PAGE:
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Last Updated: Tuesday, 25 January, 2005, 08:01 GMT
Researchers tailor surround sound
The system could also benefit hearing aid wearers
More realistic surround sound is being promised to music fans listening on headphones by researchers at the University of York.

A smartcard that stores details about how a person hears sound is being devised by electronic experts which can then be fed into audio equipment.

TV, music and computer games users will be able to have their head and ears measured at special high street booths.

The information will be used to create tailor-made sound for individuals.

Spatial filters

Tony Tew, lead researcher at York, said: "We envisage booths in the high street, like those used for passport photos.

"The shape information will be used to quickly compute an individual's spatial filters."

Spatial filters examine how the features of a person's head and ears alter sounds before they reach the eardrum.

Each person will hear a sound differently depending on the shape and size of their cranium.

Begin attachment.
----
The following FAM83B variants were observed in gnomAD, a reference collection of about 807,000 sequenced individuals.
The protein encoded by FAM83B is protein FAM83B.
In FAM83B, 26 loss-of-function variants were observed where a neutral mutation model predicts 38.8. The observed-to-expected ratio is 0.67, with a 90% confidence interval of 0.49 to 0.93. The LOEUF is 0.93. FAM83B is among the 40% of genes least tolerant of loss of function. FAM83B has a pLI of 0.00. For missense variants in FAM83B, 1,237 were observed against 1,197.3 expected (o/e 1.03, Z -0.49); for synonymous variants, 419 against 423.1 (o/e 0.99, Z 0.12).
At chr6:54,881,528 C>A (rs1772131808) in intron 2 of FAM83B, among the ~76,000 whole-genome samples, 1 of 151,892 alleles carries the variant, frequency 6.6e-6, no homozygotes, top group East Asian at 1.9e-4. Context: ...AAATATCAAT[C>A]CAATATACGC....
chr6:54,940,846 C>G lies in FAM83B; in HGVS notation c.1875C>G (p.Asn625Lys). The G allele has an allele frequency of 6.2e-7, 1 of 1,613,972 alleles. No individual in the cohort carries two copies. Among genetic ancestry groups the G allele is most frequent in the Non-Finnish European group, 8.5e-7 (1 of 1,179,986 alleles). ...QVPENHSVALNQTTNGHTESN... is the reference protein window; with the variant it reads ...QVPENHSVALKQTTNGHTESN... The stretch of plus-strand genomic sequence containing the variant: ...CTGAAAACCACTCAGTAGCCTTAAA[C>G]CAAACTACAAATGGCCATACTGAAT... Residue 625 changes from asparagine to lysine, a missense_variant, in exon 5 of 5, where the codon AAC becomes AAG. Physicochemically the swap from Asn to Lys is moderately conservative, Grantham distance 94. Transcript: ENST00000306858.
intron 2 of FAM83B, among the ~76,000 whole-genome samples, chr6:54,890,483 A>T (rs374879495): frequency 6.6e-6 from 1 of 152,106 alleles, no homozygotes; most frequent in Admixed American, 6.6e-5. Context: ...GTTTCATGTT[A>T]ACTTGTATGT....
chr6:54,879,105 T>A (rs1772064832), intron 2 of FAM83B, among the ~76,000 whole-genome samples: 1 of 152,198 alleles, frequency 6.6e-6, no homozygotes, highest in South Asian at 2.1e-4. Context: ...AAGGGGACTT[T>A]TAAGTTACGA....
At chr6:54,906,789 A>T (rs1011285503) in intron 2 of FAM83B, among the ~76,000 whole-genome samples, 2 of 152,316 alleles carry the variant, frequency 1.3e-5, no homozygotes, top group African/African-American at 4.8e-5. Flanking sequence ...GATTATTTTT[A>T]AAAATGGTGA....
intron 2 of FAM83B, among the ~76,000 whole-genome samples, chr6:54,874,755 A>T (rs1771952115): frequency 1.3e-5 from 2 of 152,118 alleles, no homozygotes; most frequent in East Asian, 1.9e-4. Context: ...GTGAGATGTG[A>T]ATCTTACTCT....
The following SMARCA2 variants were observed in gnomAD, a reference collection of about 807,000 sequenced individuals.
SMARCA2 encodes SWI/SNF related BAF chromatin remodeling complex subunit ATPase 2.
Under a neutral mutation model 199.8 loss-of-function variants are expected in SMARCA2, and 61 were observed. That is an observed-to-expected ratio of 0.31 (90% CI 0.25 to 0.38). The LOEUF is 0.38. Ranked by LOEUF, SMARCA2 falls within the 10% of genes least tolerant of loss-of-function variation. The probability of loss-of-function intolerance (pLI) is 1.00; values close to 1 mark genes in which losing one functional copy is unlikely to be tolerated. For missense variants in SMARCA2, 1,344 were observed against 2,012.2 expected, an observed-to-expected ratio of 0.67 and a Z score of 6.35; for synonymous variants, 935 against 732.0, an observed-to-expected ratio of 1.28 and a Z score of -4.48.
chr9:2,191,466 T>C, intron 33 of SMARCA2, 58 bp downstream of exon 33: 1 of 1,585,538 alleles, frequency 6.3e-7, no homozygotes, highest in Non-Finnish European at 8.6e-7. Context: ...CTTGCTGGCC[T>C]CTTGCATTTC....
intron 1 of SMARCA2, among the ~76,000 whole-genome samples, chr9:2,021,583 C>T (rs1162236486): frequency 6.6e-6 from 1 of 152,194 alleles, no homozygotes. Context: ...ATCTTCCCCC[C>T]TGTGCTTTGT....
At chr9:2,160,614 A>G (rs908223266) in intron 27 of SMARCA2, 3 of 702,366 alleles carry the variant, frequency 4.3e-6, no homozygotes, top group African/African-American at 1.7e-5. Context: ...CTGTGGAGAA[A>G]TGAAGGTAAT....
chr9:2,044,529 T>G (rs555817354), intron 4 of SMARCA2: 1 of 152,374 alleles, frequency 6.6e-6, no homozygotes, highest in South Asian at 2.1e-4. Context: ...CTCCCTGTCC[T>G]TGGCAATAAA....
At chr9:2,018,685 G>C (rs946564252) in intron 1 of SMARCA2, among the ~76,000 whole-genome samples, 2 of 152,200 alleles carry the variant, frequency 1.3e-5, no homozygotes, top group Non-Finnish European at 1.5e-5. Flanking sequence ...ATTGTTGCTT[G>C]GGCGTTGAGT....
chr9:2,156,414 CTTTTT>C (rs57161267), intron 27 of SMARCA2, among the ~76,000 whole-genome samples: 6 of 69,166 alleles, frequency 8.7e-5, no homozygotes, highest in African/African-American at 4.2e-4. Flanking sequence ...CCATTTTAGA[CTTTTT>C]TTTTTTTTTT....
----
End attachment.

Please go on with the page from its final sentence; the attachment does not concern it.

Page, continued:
This alters sounds as it changes its direction and supplies the brain with the information it needs to work out where a sound is coming from.

The head and ears would be measured using a stereo camera
Mr Tew said the measurements would be recorded on a card or downloaded from the internet and be readable by next-generation sound systems.

He said the result would be a sound heard through headphones which should be "indistinguishable from hearing the same sounds live."

Researchers in York are working with the University of Sydney, Australia, on how to convert the measurements into a format audio equipment can understand.

It is also hoped the system could benefit hearing aid wearers as the devices could be programmed to filter out one sound while rejecting others, such as filtering voices from traffic noise.

Mr Tew added: "Our main goal is for personalised spatial filters to figure in a wide range of consumer technologies, making their benefits available to everyone."

The York researchers are funded by the UK government's Engineering and Physical Sciences Research Council (EPSRC).

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